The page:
Very late-onset friedreich ataxia with laryngeal dystonia

Silvia Rota, Eleonora Marchina, Alice Todeschini, Lorenzo Nanetti, Fabrizio Rinaldi, Alessandra Vanotti, Caterina Mariotti, Alessandro Padovani, Massimiliano Filosto

Research output: Contribution to journalArticlepeer-review


Friedreich ataxia (FRDA) is an autosomal recessive neurodegenerative disorder characterized by progressive gait and limb ataxia, cerebellar, pyramidal and dorsal column involvement, visual defects, scoliosis, pes cavus and cardiomyopathy. It is caused by a homozygous guanine-adenine-adenine (GAA) trinucleotide repeat expansion in intron 1 of the frataxin gene (FXN) on chromosome 9q13-q21.1. Onset is usually in the first or second decade of life; however, late-onset cases of Freidreich ataxia (LOFA), after the age of 25 years, and very late-onset cases of Freidreich ataxia (VLOFA), after the age of 40 years, have been reported. VLOFA is quite rare and usually presents a milder progression of the disease. We report the case of a 64-year-old woman affected with VLOFA whose first symptoms (balance and gait disturbances) occurred at the age of 44 years. At the age of 62 years, she started complaining of a slowly progressive dysphonia showing the clinical aspects of laryngeal dystonia. Molecular analysis showed a 210- and 230-trinucleotide GAA repeat expansion in the two alleles of the FXN gene. Laryngeal dystonia has been reported only in very few cases of ataxia syndrome and never before in FRDA patients. It may represent a rare clinical manifestation of VLOFA thus confirming the high variability of the clinical spectrum of FRDA.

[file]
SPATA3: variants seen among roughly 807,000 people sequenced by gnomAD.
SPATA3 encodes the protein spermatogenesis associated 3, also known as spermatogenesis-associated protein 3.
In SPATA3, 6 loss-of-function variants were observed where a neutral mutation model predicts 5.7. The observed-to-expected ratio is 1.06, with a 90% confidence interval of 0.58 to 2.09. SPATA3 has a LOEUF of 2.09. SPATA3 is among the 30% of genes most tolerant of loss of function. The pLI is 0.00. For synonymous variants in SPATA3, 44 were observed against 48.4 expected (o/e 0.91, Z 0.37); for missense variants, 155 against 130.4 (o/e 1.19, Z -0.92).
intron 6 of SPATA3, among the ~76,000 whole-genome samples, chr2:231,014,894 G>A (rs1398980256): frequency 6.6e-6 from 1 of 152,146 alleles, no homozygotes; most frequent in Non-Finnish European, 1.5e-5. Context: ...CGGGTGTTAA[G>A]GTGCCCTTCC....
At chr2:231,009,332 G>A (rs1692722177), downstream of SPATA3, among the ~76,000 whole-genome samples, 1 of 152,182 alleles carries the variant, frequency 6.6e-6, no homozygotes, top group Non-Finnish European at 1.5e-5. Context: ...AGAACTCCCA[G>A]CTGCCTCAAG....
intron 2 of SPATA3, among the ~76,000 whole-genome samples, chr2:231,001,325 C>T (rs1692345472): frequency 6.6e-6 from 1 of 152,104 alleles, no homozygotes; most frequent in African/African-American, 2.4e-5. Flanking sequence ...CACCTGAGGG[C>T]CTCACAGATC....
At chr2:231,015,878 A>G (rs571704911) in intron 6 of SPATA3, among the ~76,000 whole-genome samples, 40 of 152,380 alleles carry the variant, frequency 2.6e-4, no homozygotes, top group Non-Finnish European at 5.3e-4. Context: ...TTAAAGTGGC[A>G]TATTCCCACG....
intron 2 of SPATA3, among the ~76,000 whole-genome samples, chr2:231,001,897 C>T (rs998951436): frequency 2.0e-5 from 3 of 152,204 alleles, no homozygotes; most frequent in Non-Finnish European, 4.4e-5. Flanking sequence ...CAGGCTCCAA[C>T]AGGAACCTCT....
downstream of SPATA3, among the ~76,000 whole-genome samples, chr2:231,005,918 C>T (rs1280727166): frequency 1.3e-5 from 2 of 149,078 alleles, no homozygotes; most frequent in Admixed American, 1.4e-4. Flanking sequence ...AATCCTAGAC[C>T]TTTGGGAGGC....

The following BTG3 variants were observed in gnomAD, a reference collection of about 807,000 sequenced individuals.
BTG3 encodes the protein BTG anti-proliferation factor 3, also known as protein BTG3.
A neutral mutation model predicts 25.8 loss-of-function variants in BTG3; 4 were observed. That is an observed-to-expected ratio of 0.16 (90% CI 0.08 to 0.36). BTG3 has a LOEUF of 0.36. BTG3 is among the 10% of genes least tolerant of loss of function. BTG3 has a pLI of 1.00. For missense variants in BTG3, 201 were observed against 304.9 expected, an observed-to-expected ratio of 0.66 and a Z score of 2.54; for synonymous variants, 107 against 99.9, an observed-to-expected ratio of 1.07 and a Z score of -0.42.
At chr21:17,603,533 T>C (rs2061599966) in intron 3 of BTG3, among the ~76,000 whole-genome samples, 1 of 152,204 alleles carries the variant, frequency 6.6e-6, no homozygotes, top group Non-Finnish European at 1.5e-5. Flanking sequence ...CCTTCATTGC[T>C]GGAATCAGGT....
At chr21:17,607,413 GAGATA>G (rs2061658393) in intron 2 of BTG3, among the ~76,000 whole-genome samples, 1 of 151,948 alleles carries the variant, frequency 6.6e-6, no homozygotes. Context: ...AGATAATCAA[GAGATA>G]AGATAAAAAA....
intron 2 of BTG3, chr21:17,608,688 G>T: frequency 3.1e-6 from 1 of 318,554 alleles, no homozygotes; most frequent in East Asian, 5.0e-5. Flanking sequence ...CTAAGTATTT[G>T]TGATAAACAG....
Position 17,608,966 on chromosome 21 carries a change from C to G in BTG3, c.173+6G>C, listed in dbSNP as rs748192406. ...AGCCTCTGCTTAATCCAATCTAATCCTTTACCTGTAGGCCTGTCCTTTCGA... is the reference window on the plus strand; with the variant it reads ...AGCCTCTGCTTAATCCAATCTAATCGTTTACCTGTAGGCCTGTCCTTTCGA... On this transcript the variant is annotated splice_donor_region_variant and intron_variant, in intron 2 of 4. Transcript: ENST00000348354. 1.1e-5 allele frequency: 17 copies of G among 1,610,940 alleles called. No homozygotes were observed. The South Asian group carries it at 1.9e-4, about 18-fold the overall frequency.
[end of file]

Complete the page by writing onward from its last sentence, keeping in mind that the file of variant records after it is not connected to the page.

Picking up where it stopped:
Original languageEnglish
Pages (from-to)287-290
Number of pages4
JournalCase Reports in Neurology
Issue number3
Publication statusPublished - Feb 6 2014


  • Autosomal recessive neurodegenerative disorder
  • Friedreich ataxia
  • Laryngeal dystonia

ASJC Scopus subject areas

  • Clinical Neurology


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